Barack Obama has always been at his best when the setting enables him to explain his vision for transformative change through the use of broad historical themes and holistic analyses.
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President Obama's speech to the United Nations this morning borrowed thematically from Woodrow Wilson, Franklin Roosevelt, and John F. Kennedy. It was an example of American idealism, and internationalism, at its soaring rhetorical best - a blending of principles and aspirations, hope and optimism.

Obama talked of the four pillars that he envisaged supporting international relations and global progress over the coming decades: nuclear non-proliferation and disarmament efforts; the creation of global structures to promote peace and security multilaterally, rather than via go-it-alone unilateralism; a coordinated effort to protect the planet from catastrophic climate change; and a new economic order that works to eradicate "extreme poverty" around the globe.

He challenged and cajoled his audience, making a calculated mea culpa on behalf of his country for many of its recent acts on the international stage, and at the same time pointedly suggesting that the rest of the world needs to stop using America's power as an excuse for its own inaction, and that other countries ought to step up to the plate on big global challenges, from terrorism to climate change.

"The peoples of the world want change," Obama asserted. "They will not long tolerate those who are on the wrong side of history." He sought to harness that yearning for change in much the same way as he did in America during the 2008 election campaign. "The most powerful weapon in our arsenal is the hope of human beings," he declared.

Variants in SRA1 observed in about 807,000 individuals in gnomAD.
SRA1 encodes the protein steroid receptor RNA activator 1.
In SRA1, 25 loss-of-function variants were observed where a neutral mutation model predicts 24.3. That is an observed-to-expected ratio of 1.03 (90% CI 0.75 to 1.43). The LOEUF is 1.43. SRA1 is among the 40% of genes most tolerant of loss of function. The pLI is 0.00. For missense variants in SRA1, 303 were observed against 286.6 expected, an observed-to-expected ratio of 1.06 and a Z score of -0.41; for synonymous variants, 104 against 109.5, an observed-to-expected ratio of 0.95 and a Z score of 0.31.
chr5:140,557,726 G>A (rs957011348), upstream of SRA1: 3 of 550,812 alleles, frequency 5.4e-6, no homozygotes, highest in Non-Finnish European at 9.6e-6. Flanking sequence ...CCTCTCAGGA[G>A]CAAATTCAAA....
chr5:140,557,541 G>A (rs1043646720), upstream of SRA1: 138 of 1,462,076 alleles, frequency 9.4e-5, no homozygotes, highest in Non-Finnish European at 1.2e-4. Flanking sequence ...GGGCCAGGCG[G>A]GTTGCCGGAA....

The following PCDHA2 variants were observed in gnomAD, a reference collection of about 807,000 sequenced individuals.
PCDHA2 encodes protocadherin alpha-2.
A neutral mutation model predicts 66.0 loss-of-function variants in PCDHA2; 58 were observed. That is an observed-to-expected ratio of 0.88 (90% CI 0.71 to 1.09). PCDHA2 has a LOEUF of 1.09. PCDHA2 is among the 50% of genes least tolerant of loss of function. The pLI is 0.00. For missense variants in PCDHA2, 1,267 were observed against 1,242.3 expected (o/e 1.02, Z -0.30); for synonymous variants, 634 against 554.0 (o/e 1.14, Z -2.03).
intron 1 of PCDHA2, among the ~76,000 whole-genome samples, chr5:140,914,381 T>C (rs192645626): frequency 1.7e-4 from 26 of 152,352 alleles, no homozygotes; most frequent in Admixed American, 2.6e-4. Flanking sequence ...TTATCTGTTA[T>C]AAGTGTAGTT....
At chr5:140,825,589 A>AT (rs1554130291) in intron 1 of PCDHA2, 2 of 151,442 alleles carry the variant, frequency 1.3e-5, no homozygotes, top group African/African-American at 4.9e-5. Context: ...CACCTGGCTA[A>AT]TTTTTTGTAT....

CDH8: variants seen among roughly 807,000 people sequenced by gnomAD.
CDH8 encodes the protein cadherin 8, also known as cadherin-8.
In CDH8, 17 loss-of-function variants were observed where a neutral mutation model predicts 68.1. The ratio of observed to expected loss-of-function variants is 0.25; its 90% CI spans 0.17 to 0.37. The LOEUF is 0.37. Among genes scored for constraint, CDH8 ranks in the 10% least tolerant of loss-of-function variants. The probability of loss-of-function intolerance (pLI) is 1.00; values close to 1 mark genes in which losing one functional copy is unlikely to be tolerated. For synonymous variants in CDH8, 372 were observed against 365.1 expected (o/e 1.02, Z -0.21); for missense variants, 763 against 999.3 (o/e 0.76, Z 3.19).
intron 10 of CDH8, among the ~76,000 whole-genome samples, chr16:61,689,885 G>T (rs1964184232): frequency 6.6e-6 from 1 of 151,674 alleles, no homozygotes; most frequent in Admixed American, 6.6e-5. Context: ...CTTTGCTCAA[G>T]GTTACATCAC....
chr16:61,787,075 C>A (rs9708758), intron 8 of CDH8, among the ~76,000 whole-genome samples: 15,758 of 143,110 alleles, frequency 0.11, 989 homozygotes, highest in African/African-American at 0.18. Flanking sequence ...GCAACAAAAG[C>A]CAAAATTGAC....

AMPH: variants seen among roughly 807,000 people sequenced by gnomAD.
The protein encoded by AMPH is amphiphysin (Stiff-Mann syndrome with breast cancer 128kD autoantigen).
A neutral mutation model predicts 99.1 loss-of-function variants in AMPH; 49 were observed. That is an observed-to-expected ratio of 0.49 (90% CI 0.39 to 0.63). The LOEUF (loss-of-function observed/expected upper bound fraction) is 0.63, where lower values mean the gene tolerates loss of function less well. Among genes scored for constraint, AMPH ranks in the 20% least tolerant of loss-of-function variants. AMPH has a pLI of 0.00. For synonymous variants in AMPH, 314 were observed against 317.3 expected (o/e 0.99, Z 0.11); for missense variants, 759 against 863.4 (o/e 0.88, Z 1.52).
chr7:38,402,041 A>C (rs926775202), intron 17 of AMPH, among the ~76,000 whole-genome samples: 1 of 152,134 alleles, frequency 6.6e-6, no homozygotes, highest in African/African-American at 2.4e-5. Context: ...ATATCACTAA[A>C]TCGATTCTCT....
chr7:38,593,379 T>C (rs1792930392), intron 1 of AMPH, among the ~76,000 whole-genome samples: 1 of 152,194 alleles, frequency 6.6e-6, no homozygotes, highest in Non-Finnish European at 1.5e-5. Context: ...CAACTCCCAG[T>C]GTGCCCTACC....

The president didn't, however, just talk in abstract terms about the need for change. He also sketched out specific challenges, particularly when it came to the need to promote nuclear disarmament, to move forward on climate change policies; and to carve out a just, durable, peace in the Middle East, critiquing Israel publicly in a way U.S. presidents aren't wont to often do. America would be doing Israel no favors, he averred, if it didn't publicly declare that Israel had to respect the rights and legitimate aspirations of the Palestinians.

After years in which America's leadership viewed the U.N. as an afterthought, an annoying institution to which it reluctantly paid lip service, Obama's administration has made it clear that it takes the forum seriously. It has paid off large sums of the United States' outstanding debts to the UN, and today the president went out of his way to explain anew America's commitment to solving global problems collectively.